Weekend Trip and New Foods

One weekend, I traveled to Bell Munt with my host family. Bell Munt, sounding awfully similar to Bay Moon when spoken quickly in Catalan, is an extremely small town of around 200 people, consisting of around 30 families. I had the opportunity to meet the entire side of my host mom’s family and they were extremely welcoming. We drove around and I learned about the Spanish Civil War in 1936. It was difficult to imagine the beautiful town with characteristic spanish buildings and rolling green hills as a war zone. I studied more about this and learned that after they lost this civil war, their Catalan culture was extremely oppressed. There will be more information about this in my history post. Stay tuned.

I’ve started teaching english conversation classes at a local bakery. While they are not formal classes, I do still need to prepare my lessons.  Though most are not sure exactly where TN is in the US, they certainly know the state. In case you’re wondering about TN’s stereotype in Europe, it is: full of cowboys, the home state of Elvis, and it is the proud owner of Jack Daniel’s whiskey. Therefore, what better way to start my first class than with some fun facts about my home state. You should have seen their reaction when I showed them an advertisement for Dolly’s one and only Dixie Stampede. Racing ostriches, eating without utensils, and climbing large logs as fast as you can seemed very far off. Since then, I’ve taught classes on differences in food and holiday traditions.

Within the first few weeks, I had noticed certain customs concerning food. While out to eat I never know exactly what I’m ordering, especially if the menu is in Catalan, so I just make an educational guess and hope for the best. I’ve found some of the best food this way and there hasn’t been much I haven’t liked (but who am I kidding, I’m the least picky person in the world). Tapas are very common here and often, a large group will go out to eat, order tons o’ tapas, then dig right in. Patatas bravas can be described as wedge fries with a spicy mayonnaise type sauce. There’s also green peppers boiled in oil with salt, which are delicious. Today, I had a pretzel coated in white chocolate with coconut. I’m hoping to put some recipes up here soon but these will be Faith-level recipes, i.e. soups and simple things.

Back to food. Don’t attempt to drink coffee black. In the US, I like to think that I am hard core for drinking my coffee black, but in reality I am weak. Our black coffee from the US is simply watered down and may have some extra flavoring to it, like vanilla. In Catalonia however, the plain coffee is served in a teacup meant for Barbie sized people and is stronger than anything you’ve ever tasted. So, as most everyone does here, I order cafe con leche. It is half concentrated coffee and half frothy whole milk (notice, not cream) with a packet of sugar (VERY necessary). So, not the healthiest thing in the world but it is definitely fantastic.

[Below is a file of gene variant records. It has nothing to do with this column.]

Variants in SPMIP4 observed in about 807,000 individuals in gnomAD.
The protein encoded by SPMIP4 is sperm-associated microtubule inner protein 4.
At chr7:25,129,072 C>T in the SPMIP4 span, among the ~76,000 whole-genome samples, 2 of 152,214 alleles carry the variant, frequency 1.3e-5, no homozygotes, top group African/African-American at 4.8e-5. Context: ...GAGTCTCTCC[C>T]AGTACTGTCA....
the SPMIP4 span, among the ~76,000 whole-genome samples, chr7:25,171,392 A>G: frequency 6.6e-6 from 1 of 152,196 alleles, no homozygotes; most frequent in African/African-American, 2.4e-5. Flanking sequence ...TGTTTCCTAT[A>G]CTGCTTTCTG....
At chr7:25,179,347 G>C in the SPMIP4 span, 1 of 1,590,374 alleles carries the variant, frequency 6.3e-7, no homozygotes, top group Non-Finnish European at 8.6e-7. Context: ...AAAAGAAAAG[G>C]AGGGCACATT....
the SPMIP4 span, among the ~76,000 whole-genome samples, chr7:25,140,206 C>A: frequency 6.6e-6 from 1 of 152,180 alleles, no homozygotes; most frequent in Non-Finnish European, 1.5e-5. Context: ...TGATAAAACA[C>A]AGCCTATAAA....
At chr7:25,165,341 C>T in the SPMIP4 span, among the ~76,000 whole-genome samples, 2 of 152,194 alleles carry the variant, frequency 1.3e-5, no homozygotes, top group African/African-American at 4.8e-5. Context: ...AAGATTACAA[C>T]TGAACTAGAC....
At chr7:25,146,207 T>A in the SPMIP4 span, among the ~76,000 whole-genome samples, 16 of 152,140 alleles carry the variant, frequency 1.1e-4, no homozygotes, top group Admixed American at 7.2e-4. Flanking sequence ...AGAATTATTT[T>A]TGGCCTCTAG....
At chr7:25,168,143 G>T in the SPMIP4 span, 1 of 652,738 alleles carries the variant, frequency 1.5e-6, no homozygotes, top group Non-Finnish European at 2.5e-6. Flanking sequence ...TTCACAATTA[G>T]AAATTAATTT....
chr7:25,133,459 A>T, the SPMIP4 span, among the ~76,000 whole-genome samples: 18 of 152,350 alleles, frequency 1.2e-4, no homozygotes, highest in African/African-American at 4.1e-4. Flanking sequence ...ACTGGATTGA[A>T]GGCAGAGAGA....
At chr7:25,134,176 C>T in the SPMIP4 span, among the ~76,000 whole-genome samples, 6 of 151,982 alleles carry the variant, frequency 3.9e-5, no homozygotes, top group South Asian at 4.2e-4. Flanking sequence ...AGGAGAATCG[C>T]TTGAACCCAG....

Other lists of foods I have enjoyed: white rice, tomato sauce, with a fried egg on top. Bread, olive oil, and tomato. All sorts of vegetables soups! Basically just cut up a bunch of vegetables and boil them. Omelets cooked with potato wedges (very popular). Croquetas (a fried doughy type round thing filled with porky creamy stuff, tastes much better than I made it sound). After cooking a pizza in the oven for a few minutes, crack an egg on top and let it seep into the pizza slightly. SO GOOD. Let’s not forget the incredible amount of pastries they have here, usually a variation of a croissant.

The pastries here are WONDERFUL. Desserts aren’t extremely popular here but if you’re craving something sweet after a meal, you can go to one of the many bakeries around. You can buy one croissant with chocolate or any other filling that your little heart desires: esponjas, which are fried dough that taste like homemade donuts, eclairs with coffee cream and much more.

Breakfast is when you wake up, lunch (their dinner, the largest meal of the day) starts around 2pm, and supper is around 9pm.  It is extremely normal to eat about 2 or so hours before you go to bed. When I went to talk about my experiences in Europe and my life in the US to a group of 10th grade girls, I mentioned that we usually ate dinner around 6 or 7pm. One girl’s eyes widened and she stared at me in disbelief. She then asked if since we ate dinner at 6, do we all go to bed at 7pm? It’s as if we should be starving by the time we wake up because we wait 5 hours after we eat before we go to bed. Eh, it’s what you’re used to I guess.

Faith Lindsay is currently participating in the CE Au Pair in Spain program.

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